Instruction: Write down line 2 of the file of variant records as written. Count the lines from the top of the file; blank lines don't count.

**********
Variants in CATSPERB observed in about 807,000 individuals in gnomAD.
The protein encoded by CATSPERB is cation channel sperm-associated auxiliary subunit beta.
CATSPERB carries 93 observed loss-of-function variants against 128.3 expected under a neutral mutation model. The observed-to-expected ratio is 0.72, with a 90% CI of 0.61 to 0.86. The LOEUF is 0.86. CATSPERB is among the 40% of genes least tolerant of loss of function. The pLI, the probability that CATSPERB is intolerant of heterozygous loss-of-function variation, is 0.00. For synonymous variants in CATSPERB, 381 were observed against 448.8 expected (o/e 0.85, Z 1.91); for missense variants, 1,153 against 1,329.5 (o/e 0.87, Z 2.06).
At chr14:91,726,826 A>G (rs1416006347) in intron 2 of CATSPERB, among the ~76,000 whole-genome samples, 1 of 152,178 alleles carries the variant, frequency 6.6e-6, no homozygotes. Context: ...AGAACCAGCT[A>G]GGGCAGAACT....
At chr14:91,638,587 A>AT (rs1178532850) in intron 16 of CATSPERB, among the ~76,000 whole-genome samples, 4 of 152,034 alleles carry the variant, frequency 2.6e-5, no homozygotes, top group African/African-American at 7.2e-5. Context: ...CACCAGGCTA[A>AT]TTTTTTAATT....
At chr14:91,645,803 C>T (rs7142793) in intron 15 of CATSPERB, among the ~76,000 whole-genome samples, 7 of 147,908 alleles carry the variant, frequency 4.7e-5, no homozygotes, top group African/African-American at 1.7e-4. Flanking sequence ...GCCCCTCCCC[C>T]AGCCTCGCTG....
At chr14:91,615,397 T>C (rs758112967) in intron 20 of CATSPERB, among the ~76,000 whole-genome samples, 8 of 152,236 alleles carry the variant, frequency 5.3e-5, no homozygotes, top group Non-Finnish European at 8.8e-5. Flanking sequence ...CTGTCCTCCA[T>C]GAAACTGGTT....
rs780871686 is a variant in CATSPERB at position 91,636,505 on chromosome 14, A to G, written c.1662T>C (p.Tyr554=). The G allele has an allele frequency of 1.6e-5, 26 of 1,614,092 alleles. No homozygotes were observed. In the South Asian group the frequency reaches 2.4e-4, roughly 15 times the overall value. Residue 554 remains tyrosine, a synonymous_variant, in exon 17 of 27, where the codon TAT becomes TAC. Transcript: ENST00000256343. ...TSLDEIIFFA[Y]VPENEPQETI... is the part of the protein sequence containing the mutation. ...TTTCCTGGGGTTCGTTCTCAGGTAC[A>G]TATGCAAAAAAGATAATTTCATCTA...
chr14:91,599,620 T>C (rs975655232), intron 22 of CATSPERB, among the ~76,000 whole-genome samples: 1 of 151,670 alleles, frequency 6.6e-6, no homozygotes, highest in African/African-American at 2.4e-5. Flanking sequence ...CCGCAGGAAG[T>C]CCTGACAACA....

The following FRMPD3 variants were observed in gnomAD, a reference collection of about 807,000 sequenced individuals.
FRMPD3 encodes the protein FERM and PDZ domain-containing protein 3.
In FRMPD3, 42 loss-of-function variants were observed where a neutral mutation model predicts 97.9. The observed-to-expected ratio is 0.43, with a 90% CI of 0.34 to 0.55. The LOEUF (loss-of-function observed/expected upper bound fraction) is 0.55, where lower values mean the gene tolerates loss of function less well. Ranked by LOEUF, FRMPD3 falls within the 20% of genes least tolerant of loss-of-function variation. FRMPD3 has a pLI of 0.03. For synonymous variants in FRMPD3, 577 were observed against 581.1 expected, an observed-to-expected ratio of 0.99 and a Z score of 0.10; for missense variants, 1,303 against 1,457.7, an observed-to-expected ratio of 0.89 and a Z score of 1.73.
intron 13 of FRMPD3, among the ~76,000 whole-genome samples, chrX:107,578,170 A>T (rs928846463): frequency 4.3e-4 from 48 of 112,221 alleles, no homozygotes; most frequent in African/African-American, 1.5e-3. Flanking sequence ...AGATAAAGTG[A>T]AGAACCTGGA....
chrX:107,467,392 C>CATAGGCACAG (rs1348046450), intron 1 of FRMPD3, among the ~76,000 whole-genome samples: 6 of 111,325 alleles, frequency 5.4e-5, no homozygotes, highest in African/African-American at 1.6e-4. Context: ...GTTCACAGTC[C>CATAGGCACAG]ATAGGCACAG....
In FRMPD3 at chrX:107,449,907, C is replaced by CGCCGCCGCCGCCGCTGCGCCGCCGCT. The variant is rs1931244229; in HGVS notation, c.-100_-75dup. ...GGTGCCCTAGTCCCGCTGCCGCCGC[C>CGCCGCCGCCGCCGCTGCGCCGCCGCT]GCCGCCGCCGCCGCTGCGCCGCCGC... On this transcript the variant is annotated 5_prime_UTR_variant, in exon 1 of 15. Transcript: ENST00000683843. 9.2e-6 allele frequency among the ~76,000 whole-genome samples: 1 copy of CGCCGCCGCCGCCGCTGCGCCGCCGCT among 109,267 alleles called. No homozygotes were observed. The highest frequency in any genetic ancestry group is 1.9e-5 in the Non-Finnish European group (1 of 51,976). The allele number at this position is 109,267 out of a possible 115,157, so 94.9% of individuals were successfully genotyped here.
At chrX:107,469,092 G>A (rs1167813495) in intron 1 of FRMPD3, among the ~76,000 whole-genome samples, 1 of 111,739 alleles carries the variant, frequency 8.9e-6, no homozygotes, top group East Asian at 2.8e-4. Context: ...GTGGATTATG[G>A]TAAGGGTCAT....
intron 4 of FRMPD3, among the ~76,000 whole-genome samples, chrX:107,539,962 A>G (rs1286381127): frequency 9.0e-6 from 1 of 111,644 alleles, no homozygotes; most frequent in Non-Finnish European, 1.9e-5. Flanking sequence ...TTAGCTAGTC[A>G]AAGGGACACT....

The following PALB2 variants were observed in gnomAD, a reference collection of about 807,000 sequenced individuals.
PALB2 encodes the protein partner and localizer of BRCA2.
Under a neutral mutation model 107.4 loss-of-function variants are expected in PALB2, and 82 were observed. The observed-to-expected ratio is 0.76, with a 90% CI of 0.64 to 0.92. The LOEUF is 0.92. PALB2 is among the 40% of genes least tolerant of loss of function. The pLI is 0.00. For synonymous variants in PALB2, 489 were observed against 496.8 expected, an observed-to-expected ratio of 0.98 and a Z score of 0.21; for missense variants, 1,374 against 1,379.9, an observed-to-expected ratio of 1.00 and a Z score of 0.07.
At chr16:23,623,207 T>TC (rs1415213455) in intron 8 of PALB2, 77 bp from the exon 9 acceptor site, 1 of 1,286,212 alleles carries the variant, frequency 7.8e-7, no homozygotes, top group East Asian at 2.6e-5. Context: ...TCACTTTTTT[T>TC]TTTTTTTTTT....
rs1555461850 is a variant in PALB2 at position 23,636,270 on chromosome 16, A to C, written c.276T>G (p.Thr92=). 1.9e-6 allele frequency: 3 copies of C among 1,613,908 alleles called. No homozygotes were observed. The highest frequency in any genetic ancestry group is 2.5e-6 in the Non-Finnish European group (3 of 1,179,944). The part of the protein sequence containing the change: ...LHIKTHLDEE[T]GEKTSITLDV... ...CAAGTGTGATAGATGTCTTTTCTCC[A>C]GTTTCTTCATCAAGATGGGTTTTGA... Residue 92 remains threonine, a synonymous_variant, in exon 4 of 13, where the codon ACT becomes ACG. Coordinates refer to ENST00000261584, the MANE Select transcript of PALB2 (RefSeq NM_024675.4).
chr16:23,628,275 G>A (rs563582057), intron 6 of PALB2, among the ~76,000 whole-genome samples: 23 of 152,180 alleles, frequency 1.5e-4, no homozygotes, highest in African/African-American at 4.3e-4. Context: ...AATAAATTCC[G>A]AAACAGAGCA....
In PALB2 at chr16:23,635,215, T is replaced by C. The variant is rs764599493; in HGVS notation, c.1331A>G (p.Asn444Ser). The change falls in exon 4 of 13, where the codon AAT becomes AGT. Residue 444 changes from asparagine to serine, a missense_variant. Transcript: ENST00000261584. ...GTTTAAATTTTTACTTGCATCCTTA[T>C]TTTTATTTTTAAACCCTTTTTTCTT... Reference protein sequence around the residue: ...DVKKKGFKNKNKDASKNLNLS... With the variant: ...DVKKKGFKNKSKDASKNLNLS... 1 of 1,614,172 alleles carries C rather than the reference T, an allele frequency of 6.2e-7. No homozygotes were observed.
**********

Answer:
The protein encoded by CATSPERB is cation channel sperm-associated auxiliary subunit beta.